A Most Wanted End to the Heroin Epidemic
I recently saw the film “A Most Wanted Man,” featuring Philip Seymour Hoffman, and I felt mournful once again about the loss of such a talented person. I appreciate the greatness of the work he left behind as his legacy for all of us who didn’t know him personally, but admired his acting talent.
After Hoffman’s death from a heroin overdose, I remember saying that he wasn’t the only person to die with a needle in his arm that day, but hoped his fame could shine some light on this massive heroin epidemic. I frequently come across increasingly grim statistics about the deaths by overdose involving heroin or prescription opiates. The Centers for Disease Control and Prevention increase of 44% of deaths by heroin overdose from 2010 to 2011. There was a small increase in deaths by prescription opioids. More and more people are turning to heroin as it becomes difficult to get prescription drugs or as a person’s use increases. Hoffman’s death reminds us that addiction affects many different people from all walks of life.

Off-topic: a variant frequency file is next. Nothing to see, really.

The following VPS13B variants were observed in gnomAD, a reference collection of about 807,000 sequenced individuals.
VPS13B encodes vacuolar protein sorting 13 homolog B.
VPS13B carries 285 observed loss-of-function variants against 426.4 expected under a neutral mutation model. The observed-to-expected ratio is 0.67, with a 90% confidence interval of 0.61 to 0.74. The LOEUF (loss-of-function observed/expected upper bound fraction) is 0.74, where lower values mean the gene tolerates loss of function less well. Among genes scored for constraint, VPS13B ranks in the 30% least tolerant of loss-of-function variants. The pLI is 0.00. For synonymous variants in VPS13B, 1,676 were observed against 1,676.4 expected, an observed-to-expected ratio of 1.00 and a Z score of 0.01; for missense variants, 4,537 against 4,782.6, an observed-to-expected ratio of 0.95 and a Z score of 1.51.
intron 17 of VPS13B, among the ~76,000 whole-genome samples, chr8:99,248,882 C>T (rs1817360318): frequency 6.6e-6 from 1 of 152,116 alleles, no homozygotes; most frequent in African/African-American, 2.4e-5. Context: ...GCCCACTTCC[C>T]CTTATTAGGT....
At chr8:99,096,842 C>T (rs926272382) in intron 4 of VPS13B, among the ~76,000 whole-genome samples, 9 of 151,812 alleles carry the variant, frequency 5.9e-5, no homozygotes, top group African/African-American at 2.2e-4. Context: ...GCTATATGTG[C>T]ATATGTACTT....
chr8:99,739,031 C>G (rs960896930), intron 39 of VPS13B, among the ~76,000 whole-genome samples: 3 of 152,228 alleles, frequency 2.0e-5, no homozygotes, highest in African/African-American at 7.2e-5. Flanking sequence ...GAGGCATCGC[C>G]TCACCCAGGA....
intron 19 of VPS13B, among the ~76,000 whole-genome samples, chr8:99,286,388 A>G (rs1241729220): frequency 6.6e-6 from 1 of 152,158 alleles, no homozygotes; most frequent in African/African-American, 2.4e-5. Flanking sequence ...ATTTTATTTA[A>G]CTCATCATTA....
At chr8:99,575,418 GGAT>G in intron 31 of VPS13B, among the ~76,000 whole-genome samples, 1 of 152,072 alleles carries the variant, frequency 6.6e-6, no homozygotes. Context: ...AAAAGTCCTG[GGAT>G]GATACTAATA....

Far too many other legacies have been cut short. We must all work to bring people with the disease of addiction out of the shameful shadows. Thanks to scientific advancement, we now know without a doubt that addiction is a disease of the brain. Treatment, help and hope is available.